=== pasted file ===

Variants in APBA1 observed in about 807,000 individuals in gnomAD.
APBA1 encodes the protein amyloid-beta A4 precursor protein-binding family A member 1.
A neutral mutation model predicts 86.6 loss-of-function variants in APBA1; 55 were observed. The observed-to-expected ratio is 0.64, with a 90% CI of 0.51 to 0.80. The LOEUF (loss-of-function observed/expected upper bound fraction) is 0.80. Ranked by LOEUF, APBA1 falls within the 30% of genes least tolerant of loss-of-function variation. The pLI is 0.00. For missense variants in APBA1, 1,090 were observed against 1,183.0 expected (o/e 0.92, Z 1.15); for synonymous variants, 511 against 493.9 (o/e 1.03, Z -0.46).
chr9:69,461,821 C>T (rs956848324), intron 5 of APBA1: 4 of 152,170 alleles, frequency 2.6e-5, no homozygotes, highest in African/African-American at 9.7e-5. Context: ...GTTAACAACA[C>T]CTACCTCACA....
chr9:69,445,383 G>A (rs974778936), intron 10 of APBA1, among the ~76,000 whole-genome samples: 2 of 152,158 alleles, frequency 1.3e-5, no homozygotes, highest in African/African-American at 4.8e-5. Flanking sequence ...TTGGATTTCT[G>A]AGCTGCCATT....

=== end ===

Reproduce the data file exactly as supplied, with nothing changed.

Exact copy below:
Variants in APBA1 observed in about 807,000 individuals in gnomAD.
APBA1 encodes the protein amyloid-beta A4 precursor protein-binding family A member 1.
A neutral mutation model predicts 86.6 loss-of-function variants in APBA1; 55 were observed. The observed-to-expected ratio is 0.64, with a 90% CI of 0.51 to 0.80. The LOEUF (loss-of-function observed/expected upper bound fraction) is 0.80. Ranked by LOEUF, APBA1 falls within the 30% of genes least tolerant of loss-of-function variation. The pLI is 0.00. For missense variants in APBA1, 1,090 were observed against 1,183.0 expected (o/e 0.92, Z 1.15); for synonymous variants, 511 against 493.9 (o/e 1.03, Z -0.46).
chr9:69,461,821 C>T (rs956848324), intron 5 of APBA1: 4 of 152,170 alleles, frequency 2.6e-5, no homozygotes, highest in African/African-American at 9.7e-5. Context: ...GTTAACAACA[C>T]CTACCTCACA....
chr9:69,445,383 G>A (rs974778936), intron 10 of APBA1, among the ~76,000 whole-genome samples: 2 of 152,158 alleles, frequency 1.3e-5, no homozygotes, highest in African/African-American at 4.8e-5. Flanking sequence ...TTGGATTTCT[G>A]AGCTGCCATT....